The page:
Here is an example of what we called "Hagane no Mokumegane" 鋼の木目金 type rings by Jaume Labro
AsiaLounges: I understand you have recently learned the lapidary arts from our friend Victor Tuzlukov, are you planning on taking a Japanese approach on gem cutting as well or was it out of sheer curiosity?
Jaume Labro: Well, my experience with Victor was unique, first because of the respect I have for him as an artist as well as for the type of person he is. Victor helped me look at stones in a very different way than I used to, he opened a world of opportunities to me. He likes to share his knowledge and is someone that takes pride in seeing his students improve which speaks volume as to who he is. I mean many would rather jealously keep their art a secret rather than publicise it.
When it comes to pure gem cutting, I was very impressed at the importance of the polish, It can literally change the colour of a gem. It can nullify, in some cases, the brownish / greyish shade that many gems have. Victor’s an artist in his own right and he really plays in a league of his own with very few other international contenders which is very different to even the so called top cutting that can be found in the market. I mean, compared to what Victor and these guys do, these gems are but top commercial goods that usurp the term top cutting.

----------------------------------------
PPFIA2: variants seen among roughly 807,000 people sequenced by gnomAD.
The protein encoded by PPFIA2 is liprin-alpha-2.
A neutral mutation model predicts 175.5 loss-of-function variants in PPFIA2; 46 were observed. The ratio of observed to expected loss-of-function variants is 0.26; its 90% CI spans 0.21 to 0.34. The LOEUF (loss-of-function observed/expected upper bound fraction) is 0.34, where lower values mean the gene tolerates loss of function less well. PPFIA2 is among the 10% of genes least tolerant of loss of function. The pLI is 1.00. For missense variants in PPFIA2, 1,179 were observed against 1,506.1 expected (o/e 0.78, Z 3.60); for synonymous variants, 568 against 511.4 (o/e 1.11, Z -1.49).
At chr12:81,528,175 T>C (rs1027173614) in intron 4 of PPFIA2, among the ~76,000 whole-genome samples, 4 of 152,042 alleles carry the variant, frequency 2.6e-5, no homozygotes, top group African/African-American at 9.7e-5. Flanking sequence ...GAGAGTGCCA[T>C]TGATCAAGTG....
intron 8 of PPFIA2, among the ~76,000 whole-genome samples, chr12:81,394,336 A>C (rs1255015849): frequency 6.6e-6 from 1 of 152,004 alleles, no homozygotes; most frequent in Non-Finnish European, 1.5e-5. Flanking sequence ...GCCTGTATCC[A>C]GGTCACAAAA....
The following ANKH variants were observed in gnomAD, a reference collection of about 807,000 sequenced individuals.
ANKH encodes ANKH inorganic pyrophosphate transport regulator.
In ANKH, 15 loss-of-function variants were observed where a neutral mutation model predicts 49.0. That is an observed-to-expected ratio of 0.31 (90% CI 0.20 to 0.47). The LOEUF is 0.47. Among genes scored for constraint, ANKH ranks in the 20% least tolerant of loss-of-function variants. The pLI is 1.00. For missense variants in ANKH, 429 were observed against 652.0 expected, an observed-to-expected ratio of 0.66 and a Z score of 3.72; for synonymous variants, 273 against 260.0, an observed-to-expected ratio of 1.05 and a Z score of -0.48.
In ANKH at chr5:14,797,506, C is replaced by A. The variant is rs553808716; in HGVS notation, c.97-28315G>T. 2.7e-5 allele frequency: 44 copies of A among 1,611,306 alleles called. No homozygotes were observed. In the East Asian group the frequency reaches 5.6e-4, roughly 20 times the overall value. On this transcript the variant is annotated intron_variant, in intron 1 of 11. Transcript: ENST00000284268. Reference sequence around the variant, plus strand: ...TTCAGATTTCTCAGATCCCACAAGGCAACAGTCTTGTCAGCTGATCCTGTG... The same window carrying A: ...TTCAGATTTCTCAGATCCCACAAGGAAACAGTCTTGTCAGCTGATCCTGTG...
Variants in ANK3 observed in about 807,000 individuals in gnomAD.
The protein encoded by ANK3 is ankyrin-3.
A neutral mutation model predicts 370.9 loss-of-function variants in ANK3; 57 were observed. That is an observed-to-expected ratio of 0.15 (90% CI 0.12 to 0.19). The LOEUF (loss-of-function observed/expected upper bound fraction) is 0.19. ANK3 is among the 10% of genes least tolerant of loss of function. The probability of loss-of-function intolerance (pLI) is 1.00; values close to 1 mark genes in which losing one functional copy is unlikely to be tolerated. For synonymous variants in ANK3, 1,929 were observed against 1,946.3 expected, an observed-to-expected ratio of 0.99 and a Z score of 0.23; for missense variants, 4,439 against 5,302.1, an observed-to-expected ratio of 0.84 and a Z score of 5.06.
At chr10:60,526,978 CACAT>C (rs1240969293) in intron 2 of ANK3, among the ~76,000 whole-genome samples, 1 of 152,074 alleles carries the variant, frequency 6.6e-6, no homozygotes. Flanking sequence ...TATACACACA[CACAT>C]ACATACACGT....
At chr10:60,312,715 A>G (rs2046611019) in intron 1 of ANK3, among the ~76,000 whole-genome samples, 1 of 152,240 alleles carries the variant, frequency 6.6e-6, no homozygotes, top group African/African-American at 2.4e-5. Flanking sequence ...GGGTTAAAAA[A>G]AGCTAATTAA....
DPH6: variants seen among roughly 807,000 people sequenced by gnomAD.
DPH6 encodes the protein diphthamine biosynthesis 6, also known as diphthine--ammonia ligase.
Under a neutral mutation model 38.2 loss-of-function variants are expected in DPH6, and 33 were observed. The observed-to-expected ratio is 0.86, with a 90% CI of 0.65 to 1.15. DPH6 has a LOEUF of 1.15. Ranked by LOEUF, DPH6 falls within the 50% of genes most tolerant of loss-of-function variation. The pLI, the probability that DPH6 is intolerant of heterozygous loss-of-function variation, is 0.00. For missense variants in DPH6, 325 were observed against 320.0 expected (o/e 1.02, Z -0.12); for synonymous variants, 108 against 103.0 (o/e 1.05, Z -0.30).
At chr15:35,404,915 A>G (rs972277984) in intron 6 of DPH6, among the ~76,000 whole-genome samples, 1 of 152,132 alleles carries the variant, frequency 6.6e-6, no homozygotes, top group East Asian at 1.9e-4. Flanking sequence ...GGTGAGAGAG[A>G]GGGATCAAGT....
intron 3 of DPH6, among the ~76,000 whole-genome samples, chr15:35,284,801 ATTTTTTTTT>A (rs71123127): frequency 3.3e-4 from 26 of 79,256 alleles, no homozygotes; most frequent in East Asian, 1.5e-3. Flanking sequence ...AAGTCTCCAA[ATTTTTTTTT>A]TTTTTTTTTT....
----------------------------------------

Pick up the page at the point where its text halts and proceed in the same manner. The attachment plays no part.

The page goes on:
My wish for the industry would be that the gemological reports start mentioning the cutting quality in the same manner that the diamond industry does. I believe it would allow the industry standard to improve rather than stagnate. While I do not know how complicated it would be to enforce this, I know that a lab in Spain (Instituto Gemologico Español - IGE) is already mentioning it on their report. I understand that the vast majority of people wouldn’t appreciate have their gems considered as poorly or fairly cut only and that it would create a lot of tension at first I think it would be beneficial to the industry and the end buyers in the long term.
As for me, well, I like to cut as good as I can which unfortunately stops me from cutting big or expensive material for the moment. This will change in time as I am relatively new to cutting after all and so I focus on polishing my skills by recuting gems that are in my inventory for the moment.
AsiaLounges: Further to our previous question, are you planning on developing your gem activities? If yes, what do you have in store? What’s coming?
Jaume Labro: The way I envision it to be is by creating a viable alternative to the so called high end jewellery, which to me is really high expenses jewellery today. What I mean by that is that I’d like to replace what we see today in the market, an expensive centre stone set in a boring or deja vu type design, by integrating the idea of jewellery to the gem cutting design.